Raising children can be expensive, as any parent knows. Knowing what taxpayers are eligible for when they become parents can keep them from paying more in taxes than they owe. Just outfitting a nursery and stockpiling diapers can really add up. According to a “baby-cost” calculator on BabyCenter, parents can expect to spend $72 per month on disposable diapers and $76 per month on a cloth diaper service. And of course, day care is likely to be much more expensive. H&R Block advises new parents to make sure they claim all the tax breaks they are eligible to claim, which can help put money in their pocket to cover new expenses. Following are some tax breaks taxpayers need to keep in mind as they file their 2014 tax returns.
Mela Frankfort wishes the current tax code would expand to allow parents who are supporting their grown children while they are living at home and looking for a job. That, of course, is a phenomenon all too familiar for parents of Millennials. Frankfort, who lives in Ventura, Calif., is helping out her 20-year-old son who is an unemployed guitarist. There are no deductions she can take advantage of since he is one year older than the cutoff age required by the IRS for dependent children if you are not a student. “If Americans are helping our struggling adult kids, we should at least be able to write off the space,” she said. “It would just make sense.”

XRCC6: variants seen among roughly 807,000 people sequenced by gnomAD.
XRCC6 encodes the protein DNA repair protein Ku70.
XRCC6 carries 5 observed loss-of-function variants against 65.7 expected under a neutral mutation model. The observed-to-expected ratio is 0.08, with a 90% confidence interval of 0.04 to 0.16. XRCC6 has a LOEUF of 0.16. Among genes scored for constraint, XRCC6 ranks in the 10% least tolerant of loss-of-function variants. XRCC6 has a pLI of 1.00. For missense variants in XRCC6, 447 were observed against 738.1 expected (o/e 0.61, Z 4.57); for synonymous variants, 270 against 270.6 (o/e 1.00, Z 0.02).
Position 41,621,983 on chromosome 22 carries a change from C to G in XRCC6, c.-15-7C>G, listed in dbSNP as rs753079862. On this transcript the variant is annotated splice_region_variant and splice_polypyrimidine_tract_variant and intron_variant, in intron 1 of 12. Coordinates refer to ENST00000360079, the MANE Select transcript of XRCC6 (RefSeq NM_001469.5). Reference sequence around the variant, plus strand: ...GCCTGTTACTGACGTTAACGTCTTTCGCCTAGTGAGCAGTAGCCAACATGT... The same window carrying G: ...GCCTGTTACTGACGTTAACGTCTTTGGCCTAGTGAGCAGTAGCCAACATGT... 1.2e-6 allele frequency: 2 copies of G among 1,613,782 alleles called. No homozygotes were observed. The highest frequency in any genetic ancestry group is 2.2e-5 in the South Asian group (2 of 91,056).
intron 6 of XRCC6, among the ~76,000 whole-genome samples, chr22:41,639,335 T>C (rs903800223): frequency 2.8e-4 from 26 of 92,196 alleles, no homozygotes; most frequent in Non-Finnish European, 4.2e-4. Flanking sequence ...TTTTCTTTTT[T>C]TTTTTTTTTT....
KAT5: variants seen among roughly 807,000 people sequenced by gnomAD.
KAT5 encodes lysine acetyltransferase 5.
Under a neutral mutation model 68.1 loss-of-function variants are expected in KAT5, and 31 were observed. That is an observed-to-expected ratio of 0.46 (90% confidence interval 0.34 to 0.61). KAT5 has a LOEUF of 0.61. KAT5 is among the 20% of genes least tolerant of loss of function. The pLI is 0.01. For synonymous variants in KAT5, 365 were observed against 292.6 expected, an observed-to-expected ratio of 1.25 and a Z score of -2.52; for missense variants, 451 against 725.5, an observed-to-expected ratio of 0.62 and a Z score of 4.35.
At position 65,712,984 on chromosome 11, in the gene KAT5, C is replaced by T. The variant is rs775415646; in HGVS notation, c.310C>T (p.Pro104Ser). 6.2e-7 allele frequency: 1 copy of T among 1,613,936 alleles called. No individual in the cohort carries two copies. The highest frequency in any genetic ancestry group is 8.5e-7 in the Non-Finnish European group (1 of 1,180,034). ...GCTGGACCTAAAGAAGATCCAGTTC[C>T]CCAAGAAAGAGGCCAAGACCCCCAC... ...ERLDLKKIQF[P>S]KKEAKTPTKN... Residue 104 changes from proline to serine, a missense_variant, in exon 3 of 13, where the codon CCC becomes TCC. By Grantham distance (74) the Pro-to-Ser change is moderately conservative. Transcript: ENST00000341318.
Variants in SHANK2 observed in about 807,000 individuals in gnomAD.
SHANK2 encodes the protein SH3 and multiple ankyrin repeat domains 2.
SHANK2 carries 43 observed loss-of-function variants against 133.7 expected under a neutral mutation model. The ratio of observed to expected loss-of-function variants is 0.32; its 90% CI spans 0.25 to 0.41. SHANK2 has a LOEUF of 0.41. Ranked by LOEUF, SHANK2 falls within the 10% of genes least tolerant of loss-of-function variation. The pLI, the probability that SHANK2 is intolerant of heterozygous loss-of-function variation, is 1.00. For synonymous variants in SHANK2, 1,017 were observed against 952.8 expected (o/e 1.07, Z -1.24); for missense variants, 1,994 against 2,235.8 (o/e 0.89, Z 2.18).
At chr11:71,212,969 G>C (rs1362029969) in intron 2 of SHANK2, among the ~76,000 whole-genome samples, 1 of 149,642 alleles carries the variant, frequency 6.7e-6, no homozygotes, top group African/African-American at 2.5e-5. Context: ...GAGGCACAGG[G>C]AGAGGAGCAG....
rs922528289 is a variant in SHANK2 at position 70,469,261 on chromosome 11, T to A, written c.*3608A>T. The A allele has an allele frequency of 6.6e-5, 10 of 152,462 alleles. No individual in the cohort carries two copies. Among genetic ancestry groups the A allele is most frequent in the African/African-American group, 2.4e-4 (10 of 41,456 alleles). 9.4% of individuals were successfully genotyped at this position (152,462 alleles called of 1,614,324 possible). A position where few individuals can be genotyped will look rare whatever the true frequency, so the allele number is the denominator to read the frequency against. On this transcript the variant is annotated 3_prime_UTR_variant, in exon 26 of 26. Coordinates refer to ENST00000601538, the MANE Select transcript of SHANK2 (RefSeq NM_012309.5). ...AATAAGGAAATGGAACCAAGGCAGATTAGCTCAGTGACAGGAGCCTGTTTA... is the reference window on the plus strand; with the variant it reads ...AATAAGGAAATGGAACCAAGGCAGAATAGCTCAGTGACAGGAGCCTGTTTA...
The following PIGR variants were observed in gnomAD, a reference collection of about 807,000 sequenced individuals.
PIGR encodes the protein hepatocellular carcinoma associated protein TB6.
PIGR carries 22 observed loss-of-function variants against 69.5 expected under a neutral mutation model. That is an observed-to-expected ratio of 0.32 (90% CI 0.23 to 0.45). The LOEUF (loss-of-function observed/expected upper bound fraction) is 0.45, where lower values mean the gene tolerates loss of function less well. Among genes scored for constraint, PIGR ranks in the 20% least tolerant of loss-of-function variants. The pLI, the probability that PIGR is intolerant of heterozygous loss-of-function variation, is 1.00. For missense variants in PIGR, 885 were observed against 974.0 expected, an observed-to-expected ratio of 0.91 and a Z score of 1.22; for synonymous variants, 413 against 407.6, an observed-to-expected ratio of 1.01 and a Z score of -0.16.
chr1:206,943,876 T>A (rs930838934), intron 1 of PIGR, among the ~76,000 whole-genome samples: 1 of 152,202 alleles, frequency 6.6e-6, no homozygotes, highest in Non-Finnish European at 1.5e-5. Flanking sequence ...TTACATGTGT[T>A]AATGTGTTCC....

The Earned Income Tax Credit (EIC or EITC) is a refundable credit for workers who earn low or moderate incomes. This credit is meant to supplement the income you have earned through working, whether for yourself (self-employed) or for someone else. If you qualify for the Earned Income Tax Credit you can reduce your taxes and increase your tax refund. In general, the EITC allows more working people and their families to keep more of their hard-earned money. The income limits for the Earned Income Credit have been adjusted for 2014, so even if you didn’t qualify for the EITC in the past, you may be able to claim it this year. The maximum amount of the credit has also increased.
Tax credits mystify many Americans, if only because it's hard to know which ones they qualify for and why. They're worth having because they provide meaningful savings on a filer’s overall tax contribution and in some cases lead to a tax refund. One of the most beneficial credits for families with low or moderate incomes is the Earned Income Tax Credit (EITC). It was established to offset the burden of Social Security taxes and provide an incentive to work. Experts of financial planning and taxes recommend all filers explore their eligibility for receiving the EITC. "It is an overlooked credit all too often," says Sandy Zinman, committee chairman for the National Conference of CPA Practitioners.
As Tax Day inches closer, you are likely (hopefully) getting your important documents in order. And if you have children, you may be wondering about how much you can claim in the form of a child tax credit. This can be a huge tax saver for parents. However, there are some certain criteria that need to be met, according to the Internal Revenue Service. Here are six things to keep in mind when using the child tax credit, as provided to Patch by the IRS: